Yesterday, an email appeared in my inbox to let me know that one of those Parliamentary petitions, which I’d signed ages ago and long forgotten about, has stormed past the 100,000 signatures threshold and is set for a debate in Parliament.
The subject? “Another Scottish independence referendum should not be allowed to happen”.
Now in light of recent events that sort of certainty sounds a little Spanish, just when we’ve been patting ourselves on the back for our own Government’s comparative lack of Toledo steel.
The official response is apparently the rather more lukewarm “The UK Government is clear that now is not the time for a second independence referendum.”
Policies of national indivisibility are actually normal practice for advanced Western democracies, including the United States and Germany, and under international law self-determination is not an unqualified right.
The idea that Britain should follow this norm is not new. Writing after the 2014 vote, Jack Straw suggested the following:
“Now that Scotland has decisively spoken, after a campaign whose terms were set by the SNP for itself, we should follow the example of stable federated countries (the US and India, for example) and say: “This Union is now indissoluble.”
“If independence would have been for good, so must the decision to stay. You can’t pull a living plant up by the roots again and again, and expect it to survive. Put this commitment to the Union in primary Westminster legislation. Of course, that could be changed but only by all the UK’s MPs. “Better Together” must mean what it says.”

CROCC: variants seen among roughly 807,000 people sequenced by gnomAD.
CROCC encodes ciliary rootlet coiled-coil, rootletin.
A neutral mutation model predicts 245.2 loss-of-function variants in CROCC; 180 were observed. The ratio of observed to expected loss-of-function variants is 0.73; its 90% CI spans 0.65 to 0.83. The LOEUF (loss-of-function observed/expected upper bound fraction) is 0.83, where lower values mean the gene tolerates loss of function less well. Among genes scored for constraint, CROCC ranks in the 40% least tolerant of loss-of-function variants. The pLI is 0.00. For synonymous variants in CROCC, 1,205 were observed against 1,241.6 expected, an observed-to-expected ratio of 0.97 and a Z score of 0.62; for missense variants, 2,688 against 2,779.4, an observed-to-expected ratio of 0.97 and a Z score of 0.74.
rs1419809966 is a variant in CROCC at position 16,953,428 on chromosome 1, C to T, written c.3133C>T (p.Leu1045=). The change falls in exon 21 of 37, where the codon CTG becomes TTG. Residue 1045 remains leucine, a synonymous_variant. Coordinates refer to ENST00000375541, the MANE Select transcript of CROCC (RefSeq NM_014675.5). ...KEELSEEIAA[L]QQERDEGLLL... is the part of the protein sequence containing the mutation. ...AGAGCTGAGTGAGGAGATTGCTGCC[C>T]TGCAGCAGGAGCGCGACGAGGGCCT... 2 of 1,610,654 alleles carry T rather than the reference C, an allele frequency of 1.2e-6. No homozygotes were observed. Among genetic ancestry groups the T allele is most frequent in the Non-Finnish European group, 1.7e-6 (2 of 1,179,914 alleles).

Such a Unity Act seems unlikely to come before the House anytime soon. It is entirely contrary to the retreat-to-victory “more powers!” orthodoxy which has been unionism’s substitute for a strategy or vision since 1997. (Although as Alex Massie points out , the failures of unionism’s ‘Plan A’ are now so manifest that a rethink is clearly needed).
Nonetheless, there is still a case to be made for insisting on a substantial break, of between say 10 and 25 years, before a second referendum on Scottish independence and between any that should follow that. This is not only desirable from the point of view of those who want to keep the UK together – it’s actually almost essential for the Union to function properly at all.
To see why, let’s set aside the disputed question of Britain’s nationhood and treat the Union as the devolutionaries and federalists too often do: as a contract, rather than a country, to be maintained only as it benefits their side. Now consider what that contract entails.
Within the UK, wealth is distributed on a needs basis across the Union. Those areas which are doing well contribute more to the pot, which is then spent to support regions which need more support. Thanks to the vagaries of the Barnett Formula, Scotland does better still.
As many other writers have noted, at present majority support for the UK in Scotland hinges on this net economic benefit. But this poses an awkward question: what happens if and when the balance of fortune shifts and Scottish taxes start obviously subsidising higher public spending in other parts of the UK? In parts of England?